Priscilla Ahn could be considered the musical equivalent of an old soul.

“I like things that have some age and wisdom to them,” she said. From friends and lovers to music and instruments, Ahn, 25, said she’s drawn to older things, influences easily apparent in the young Pennsylvanian multi-instrumentalist’s sound. “When I write my songs, I’m really more prone to creating warmer tones for my guitar and voice.”

Those vocal tones, youthfully pure but sung with an aged confidence, however oxymoronic, mark her solo debut A Good Day. But the album, a cross section of light folk-pop numbers, may not have had its effect had Ahn let early outsider advice steer her career.

“In the beginning, I had a lot of people telling me what songs were supposed to sound like and how you’re supposed to write,” she said. Frustrated by trying to create in such a “box of guidelines,” Ahn soon abandoned the outlook of others. “I’m going to write songs the way I want to write them, whether or not they have choruses at all or six verses ... whatever. It’s an art form and it’s meant to be creative.”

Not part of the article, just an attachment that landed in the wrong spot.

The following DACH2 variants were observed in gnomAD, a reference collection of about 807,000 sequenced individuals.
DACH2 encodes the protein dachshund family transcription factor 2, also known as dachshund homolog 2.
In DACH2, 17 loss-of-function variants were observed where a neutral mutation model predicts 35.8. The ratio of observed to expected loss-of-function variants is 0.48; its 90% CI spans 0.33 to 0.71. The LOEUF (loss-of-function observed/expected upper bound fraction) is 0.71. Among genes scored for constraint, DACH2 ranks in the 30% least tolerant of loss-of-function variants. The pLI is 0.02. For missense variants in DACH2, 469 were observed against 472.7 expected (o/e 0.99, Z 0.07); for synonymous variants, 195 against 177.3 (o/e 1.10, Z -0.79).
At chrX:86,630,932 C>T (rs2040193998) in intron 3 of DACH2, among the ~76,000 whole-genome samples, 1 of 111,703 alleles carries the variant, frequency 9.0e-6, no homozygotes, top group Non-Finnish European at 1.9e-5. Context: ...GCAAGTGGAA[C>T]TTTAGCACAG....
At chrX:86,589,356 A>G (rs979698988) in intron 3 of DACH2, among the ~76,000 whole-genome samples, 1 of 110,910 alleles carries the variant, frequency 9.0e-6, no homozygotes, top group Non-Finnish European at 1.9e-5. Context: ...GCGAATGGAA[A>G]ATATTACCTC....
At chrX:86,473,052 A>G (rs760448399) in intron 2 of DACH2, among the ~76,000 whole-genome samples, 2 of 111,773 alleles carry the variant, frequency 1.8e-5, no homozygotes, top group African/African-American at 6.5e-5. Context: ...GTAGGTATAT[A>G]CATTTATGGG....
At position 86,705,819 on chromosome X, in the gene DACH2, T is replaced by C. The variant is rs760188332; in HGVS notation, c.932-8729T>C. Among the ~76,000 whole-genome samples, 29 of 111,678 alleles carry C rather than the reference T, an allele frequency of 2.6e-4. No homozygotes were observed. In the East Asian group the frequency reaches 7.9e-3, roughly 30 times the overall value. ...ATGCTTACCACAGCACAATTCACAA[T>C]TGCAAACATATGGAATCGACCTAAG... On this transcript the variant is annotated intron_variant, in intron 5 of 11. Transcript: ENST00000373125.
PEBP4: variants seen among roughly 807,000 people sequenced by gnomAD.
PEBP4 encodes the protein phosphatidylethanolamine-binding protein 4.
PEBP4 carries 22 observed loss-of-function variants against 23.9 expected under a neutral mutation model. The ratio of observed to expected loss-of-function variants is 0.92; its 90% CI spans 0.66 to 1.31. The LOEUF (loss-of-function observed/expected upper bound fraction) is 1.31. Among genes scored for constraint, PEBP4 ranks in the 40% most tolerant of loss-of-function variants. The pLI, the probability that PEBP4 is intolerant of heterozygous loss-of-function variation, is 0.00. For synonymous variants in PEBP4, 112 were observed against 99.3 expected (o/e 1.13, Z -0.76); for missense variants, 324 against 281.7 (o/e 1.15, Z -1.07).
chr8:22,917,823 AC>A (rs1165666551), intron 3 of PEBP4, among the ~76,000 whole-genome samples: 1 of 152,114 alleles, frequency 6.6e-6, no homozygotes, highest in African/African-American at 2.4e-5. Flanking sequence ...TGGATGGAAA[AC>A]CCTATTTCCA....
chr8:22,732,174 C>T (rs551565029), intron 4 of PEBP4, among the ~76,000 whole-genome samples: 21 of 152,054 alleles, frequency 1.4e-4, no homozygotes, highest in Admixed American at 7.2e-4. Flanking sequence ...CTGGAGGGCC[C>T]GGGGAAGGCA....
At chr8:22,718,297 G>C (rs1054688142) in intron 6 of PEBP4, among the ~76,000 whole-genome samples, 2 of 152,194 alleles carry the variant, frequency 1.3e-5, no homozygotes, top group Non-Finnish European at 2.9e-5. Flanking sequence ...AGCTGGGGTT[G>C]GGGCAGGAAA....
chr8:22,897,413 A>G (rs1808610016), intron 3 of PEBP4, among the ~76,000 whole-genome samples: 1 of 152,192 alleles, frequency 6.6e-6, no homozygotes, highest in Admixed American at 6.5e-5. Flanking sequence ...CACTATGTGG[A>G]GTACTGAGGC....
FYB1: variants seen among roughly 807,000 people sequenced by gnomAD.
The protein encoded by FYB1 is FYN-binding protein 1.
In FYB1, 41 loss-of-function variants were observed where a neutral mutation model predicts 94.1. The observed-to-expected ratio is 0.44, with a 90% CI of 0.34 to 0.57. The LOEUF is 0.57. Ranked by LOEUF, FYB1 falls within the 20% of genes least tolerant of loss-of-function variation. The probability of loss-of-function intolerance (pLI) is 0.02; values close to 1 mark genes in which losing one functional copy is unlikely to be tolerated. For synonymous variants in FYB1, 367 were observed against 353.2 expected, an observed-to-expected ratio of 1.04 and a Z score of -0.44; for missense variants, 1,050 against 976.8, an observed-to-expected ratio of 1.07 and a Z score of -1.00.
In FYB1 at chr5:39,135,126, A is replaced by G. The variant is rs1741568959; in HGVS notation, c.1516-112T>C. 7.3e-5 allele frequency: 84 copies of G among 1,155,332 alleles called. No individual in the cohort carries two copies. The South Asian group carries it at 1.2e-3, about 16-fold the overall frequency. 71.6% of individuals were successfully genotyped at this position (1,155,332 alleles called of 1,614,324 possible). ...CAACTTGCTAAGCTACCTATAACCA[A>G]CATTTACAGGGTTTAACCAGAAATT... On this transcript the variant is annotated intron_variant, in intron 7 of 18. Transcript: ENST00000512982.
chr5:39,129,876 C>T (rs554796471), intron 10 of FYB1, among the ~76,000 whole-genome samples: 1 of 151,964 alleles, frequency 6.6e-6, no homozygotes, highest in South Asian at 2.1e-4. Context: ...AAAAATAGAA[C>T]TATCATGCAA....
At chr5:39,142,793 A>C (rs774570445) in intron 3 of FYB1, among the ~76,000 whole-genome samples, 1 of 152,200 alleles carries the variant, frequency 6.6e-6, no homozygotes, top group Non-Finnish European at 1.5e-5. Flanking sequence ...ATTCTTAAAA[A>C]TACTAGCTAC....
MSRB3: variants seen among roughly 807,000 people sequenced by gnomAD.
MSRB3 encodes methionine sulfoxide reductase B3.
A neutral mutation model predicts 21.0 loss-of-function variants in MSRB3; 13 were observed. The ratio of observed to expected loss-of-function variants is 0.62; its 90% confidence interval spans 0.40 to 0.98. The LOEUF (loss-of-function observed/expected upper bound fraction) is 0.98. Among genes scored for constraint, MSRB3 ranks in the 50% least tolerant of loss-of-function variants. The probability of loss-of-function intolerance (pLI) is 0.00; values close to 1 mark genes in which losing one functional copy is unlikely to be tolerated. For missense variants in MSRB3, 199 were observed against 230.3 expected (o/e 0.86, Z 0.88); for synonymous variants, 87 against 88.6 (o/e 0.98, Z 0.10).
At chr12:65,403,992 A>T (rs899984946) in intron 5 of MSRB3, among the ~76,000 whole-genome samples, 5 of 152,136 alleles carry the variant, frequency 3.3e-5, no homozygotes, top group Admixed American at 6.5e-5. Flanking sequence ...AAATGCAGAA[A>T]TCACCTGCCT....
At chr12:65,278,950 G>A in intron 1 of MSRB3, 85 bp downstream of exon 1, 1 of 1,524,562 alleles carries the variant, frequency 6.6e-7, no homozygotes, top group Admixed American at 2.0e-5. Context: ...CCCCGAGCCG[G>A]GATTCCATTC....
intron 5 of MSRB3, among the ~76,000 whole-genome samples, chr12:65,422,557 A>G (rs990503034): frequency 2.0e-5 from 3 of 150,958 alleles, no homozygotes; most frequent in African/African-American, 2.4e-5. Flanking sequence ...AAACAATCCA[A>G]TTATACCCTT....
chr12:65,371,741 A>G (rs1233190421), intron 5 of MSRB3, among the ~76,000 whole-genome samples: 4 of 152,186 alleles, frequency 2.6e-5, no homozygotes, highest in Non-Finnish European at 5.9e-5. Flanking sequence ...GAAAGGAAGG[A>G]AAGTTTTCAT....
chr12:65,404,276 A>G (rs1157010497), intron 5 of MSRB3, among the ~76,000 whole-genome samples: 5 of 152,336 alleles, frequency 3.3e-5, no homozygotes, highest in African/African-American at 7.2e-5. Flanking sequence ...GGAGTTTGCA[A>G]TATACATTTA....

That’s not to say Ahn doesn’t draw inspiration from others and develop it for herself. She calls whistling Chicago folk rocker Andrew Bird a hero, who mobilized her when she saw him open for Ani DiFranco, using a loop machine live. “It was just so inspiring seeing him loop his violin and build his orchestra around him. It made me think I could do that with my voice.”

Ahn’s own loop machine nearly became a closet fixture when, a few months prior, she unsuccessfully attempted to loop her guitar. But, missing the sound of group vocals she enjoyed when she used to sing in choirs, she reconsidered the tool to layer harmonies. Now, it’s a fixture when she performs on stage.

“Now, when I write songs, I try to incorporate that,” she said. “It just adds another layer to the whole live show and makes it really fun for me on stage, too.”

And it’s fun Ahn is focused on instead of fame, like some fellow young female solo artists. While her music has appeared on the television show Grey’s Anatomy and the film Disturbia and she’s made appearances on Jay Leno and Carson Daly, she’s just excited to have her music heard, aiming to remain grounded and make a living making music.

“Other people strive to be famous,” she said. “I never really had that bone in me.”

On the web

Priscilla Ahn plays

• Toronto: the Drake Hotel Underground on Aug. 19.

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